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The initiative targets persons between the ages of 16 and 35 years and is designed to facilitate the registrants’ access to opportunities that allows them to assume an integral role in community and national development.
Minister Richards outlined several important benefits to young people emanating from volunteerism.
“It helps to give them work experience that can be valuable in life whether for a paid job or in building capacity to engage in other assignments. It helps to connect them to other young persons and other persons within our community from whom they are able to learn about themselves, their culture, about others and perhaps become more tolerant as a people,” said the minister.
“Taking part in voluntary activities also helps them to focus on something different outside of academics. This can also help to reduce stress being associated with their normal lifestyle, and it provides a core of additional workers to assist in the overall development of the nation,” the youth empowerment minister added.
The deputy prime minister said volunteerism will positively impact growth in St. Kitts and Nevis.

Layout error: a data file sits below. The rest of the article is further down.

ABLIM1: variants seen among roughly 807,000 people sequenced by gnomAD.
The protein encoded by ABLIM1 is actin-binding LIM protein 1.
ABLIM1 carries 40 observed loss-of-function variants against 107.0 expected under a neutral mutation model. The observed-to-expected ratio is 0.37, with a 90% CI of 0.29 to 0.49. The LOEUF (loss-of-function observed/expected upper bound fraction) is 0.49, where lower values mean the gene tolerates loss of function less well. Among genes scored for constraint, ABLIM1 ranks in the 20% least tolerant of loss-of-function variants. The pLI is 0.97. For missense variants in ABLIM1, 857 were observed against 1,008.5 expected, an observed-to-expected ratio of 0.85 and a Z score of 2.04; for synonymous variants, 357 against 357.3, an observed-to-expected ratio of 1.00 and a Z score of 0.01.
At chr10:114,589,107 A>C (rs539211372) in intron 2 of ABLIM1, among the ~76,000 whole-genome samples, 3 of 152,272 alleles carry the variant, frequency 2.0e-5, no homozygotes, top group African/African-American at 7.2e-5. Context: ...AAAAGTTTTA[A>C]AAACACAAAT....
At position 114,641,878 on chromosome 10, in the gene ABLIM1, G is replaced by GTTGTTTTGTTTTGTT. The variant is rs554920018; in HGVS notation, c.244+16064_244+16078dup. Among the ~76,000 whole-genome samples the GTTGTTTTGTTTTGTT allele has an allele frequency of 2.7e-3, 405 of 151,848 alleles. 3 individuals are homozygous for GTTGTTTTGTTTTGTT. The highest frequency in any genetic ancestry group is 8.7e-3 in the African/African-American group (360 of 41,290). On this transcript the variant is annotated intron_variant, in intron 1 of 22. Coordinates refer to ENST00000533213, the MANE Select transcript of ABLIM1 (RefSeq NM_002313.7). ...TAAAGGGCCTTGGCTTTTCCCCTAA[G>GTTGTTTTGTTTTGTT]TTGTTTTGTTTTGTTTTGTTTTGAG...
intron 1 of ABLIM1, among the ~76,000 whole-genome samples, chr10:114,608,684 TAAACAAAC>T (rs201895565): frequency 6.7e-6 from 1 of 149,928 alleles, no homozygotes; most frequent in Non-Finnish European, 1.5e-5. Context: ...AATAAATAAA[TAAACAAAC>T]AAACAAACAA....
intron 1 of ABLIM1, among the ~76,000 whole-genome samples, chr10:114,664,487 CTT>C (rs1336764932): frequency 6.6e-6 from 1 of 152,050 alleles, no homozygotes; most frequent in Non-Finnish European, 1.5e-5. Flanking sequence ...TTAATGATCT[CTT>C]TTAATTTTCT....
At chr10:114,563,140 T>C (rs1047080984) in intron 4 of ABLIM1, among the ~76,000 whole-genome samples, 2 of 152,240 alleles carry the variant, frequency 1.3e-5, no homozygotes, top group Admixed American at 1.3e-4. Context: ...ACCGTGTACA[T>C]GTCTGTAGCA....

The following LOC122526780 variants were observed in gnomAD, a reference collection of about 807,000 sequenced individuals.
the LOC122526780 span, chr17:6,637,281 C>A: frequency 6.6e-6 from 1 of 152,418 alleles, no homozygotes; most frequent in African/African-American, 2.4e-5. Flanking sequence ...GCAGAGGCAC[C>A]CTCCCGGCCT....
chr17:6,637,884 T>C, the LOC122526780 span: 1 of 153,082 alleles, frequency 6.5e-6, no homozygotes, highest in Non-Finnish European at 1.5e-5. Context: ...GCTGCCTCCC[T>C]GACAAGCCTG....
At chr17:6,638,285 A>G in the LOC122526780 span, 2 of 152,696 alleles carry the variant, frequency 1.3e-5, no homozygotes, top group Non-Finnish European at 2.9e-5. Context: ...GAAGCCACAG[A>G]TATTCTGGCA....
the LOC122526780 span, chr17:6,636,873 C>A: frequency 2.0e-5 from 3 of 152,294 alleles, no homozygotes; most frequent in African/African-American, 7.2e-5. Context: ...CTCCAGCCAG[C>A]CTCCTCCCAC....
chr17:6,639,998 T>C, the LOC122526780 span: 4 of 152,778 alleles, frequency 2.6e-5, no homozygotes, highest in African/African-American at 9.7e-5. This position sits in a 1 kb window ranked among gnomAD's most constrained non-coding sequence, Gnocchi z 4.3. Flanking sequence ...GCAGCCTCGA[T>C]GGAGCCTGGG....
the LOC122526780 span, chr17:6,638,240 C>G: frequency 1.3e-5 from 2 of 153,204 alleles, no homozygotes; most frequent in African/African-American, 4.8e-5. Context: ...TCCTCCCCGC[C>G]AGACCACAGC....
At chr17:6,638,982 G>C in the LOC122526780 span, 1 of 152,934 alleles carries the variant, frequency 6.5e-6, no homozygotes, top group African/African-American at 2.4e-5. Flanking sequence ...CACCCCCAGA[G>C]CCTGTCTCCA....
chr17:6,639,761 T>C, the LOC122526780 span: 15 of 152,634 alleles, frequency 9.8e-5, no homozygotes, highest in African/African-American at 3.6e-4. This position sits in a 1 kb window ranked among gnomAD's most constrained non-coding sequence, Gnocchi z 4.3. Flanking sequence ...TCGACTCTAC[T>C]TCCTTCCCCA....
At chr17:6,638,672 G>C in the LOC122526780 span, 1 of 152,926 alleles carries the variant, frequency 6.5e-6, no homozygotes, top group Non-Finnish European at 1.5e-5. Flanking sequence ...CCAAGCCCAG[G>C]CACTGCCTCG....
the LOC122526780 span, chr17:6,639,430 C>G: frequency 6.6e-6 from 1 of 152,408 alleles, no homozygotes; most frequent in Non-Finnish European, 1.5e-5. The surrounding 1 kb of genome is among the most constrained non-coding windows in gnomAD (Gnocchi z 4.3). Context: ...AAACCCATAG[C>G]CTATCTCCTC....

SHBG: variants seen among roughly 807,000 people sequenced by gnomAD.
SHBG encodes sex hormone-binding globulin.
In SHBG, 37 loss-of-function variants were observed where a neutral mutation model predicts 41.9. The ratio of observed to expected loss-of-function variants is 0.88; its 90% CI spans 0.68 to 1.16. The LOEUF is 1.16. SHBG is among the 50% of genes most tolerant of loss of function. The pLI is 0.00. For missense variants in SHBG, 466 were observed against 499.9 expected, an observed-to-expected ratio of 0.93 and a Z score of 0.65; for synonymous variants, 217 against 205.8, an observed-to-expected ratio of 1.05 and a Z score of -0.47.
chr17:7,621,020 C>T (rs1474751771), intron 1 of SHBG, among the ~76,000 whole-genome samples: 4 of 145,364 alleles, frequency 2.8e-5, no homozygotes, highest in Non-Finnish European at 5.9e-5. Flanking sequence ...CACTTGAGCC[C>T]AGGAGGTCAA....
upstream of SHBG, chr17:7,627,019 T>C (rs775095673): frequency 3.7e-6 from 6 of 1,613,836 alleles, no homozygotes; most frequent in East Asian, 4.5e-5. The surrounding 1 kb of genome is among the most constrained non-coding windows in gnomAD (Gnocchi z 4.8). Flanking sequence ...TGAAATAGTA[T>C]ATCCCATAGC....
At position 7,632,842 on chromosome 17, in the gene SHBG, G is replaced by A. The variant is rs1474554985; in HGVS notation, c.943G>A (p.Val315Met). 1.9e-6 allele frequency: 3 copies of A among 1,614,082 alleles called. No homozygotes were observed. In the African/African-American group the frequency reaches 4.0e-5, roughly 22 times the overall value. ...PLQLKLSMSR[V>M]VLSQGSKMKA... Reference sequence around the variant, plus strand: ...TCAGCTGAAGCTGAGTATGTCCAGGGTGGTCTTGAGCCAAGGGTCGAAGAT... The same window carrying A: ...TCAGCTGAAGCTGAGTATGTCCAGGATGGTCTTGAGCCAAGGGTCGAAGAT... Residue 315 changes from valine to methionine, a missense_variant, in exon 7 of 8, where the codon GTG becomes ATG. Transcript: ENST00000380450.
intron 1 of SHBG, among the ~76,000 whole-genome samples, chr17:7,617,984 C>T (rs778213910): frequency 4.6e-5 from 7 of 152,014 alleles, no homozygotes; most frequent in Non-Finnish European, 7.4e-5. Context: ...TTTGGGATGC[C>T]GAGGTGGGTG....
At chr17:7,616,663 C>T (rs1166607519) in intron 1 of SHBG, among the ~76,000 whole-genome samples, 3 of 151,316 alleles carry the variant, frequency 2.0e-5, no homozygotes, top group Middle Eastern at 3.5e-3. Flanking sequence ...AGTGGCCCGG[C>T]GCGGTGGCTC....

“Volunteerism will contribute to the development of the Federation of St. Kitts and Nevis in that it helps to save the nation or businesses from training persons who can gain such experience through volunteerism; it hopefully will help to instill discipline and national pride within our citizens, which will subsequently lead to a nation of less crime and more productive citizens.
Most of the volunteers are covered under the umbrella of the Supporting Advancement of Further Education (SAFE) initiative, which is a government-sponsored grant programme for students attending the Clarence Fitzroy Bryant College (CFBC) and Advanced Vocational Education Centre (AVEC) who demonstrate the need for financial support. Part of the arrangement is for the students to perform four hours of community service every month.